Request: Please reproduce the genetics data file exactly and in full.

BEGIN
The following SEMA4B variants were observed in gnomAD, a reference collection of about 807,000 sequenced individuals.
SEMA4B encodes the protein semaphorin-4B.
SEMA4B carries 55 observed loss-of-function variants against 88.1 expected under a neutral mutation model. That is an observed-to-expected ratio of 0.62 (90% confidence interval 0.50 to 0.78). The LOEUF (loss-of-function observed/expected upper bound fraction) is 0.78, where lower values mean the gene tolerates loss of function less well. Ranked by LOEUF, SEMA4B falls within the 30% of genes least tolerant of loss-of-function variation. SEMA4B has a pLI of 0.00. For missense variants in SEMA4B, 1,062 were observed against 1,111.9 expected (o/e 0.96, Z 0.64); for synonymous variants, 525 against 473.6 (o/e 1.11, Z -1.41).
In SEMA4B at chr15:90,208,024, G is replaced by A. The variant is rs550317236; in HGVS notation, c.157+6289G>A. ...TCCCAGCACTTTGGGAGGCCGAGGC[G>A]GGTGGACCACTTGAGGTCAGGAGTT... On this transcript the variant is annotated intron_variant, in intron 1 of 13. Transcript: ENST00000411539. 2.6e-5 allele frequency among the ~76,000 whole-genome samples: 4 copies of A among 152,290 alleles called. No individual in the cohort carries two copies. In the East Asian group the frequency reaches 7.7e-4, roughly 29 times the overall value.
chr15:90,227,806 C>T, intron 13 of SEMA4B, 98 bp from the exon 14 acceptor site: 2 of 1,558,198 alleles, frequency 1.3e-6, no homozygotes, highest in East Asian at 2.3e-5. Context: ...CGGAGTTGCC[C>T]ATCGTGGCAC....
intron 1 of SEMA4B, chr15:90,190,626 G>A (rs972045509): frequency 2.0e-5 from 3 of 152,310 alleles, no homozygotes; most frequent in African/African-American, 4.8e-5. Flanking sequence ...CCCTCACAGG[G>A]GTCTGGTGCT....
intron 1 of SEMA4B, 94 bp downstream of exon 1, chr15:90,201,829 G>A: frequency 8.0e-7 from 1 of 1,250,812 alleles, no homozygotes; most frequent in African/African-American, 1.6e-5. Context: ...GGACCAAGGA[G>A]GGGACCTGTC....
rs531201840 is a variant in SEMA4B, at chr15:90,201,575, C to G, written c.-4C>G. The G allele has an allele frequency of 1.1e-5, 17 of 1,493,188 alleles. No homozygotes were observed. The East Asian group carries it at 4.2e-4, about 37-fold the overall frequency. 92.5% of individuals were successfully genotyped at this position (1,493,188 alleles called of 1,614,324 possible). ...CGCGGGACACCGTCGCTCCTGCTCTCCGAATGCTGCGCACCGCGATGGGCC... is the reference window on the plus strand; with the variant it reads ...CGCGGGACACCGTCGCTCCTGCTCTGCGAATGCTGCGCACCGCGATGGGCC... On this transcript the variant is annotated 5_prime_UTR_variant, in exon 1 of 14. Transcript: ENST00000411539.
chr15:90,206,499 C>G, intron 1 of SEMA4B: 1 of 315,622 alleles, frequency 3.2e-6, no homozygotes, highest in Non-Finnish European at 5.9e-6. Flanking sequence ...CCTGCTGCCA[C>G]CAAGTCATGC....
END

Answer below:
The following SEMA4B variants were observed in gnomAD, a reference collection of about 807,000 sequenced individuals.
SEMA4B encodes the protein semaphorin-4B.
SEMA4B carries 55 observed loss-of-function variants against 88.1 expected under a neutral mutation model. That is an observed-to-expected ratio of 0.62 (90% confidence interval 0.50 to 0.78). The LOEUF (loss-of-function observed/expected upper bound fraction) is 0.78, where lower values mean the gene tolerates loss of function less well. Ranked by LOEUF, SEMA4B falls within the 30% of genes least tolerant of loss-of-function variation. SEMA4B has a pLI of 0.00. For missense variants in SEMA4B, 1,062 were observed against 1,111.9 expected (o/e 0.96, Z 0.64); for synonymous variants, 525 against 473.6 (o/e 1.11, Z -1.41).
In SEMA4B at chr15:90,208,024, G is replaced by A. The variant is rs550317236; in HGVS notation, c.157+6289G>A. ...TCCCAGCACTTTGGGAGGCCGAGGC[G>A]GGTGGACCACTTGAGGTCAGGAGTT... On this transcript the variant is annotated intron_variant, in intron 1 of 13. Transcript: ENST00000411539. 2.6e-5 allele frequency among the ~76,000 whole-genome samples: 4 copies of A among 152,290 alleles called. No individual in the cohort carries two copies. In the East Asian group the frequency reaches 7.7e-4, roughly 29 times the overall value.
chr15:90,227,806 C>T, intron 13 of SEMA4B, 98 bp from the exon 14 acceptor site: 2 of 1,558,198 alleles, frequency 1.3e-6, no homozygotes, highest in East Asian at 2.3e-5. Context: ...CGGAGTTGCC[C>T]ATCGTGGCAC....
intron 1 of SEMA4B, chr15:90,190,626 G>A (rs972045509): frequency 2.0e-5 from 3 of 152,310 alleles, no homozygotes; most frequent in African/African-American, 4.8e-5. Flanking sequence ...CCCTCACAGG[G>A]GTCTGGTGCT....
intron 1 of SEMA4B, 94 bp downstream of exon 1, chr15:90,201,829 G>A: frequency 8.0e-7 from 1 of 1,250,812 alleles, no homozygotes; most frequent in African/African-American, 1.6e-5. Context: ...GGACCAAGGA[G>A]GGGACCTGTC....
rs531201840 is a variant in SEMA4B, at chr15:90,201,575, C to G, written c.-4C>G. The G allele has an allele frequency of 1.1e-5, 17 of 1,493,188 alleles. No homozygotes were observed. The East Asian group carries it at 4.2e-4, about 37-fold the overall frequency. 92.5% of individuals were successfully genotyped at this position (1,493,188 alleles called of 1,614,324 possible). ...CGCGGGACACCGTCGCTCCTGCTCTCCGAATGCTGCGCACCGCGATGGGCC... is the reference window on the plus strand; with the variant it reads ...CGCGGGACACCGTCGCTCCTGCTCTGCGAATGCTGCGCACCGCGATGGGCC... On this transcript the variant is annotated 5_prime_UTR_variant, in exon 1 of 14. Transcript: ENST00000411539.
chr15:90,206,499 C>G, intron 1 of SEMA4B: 1 of 315,622 alleles, frequency 3.2e-6, no homozygotes, highest in Non-Finnish European at 5.9e-6. Flanking sequence ...CCTGCTGCCA[C>G]CAAGTCATGC....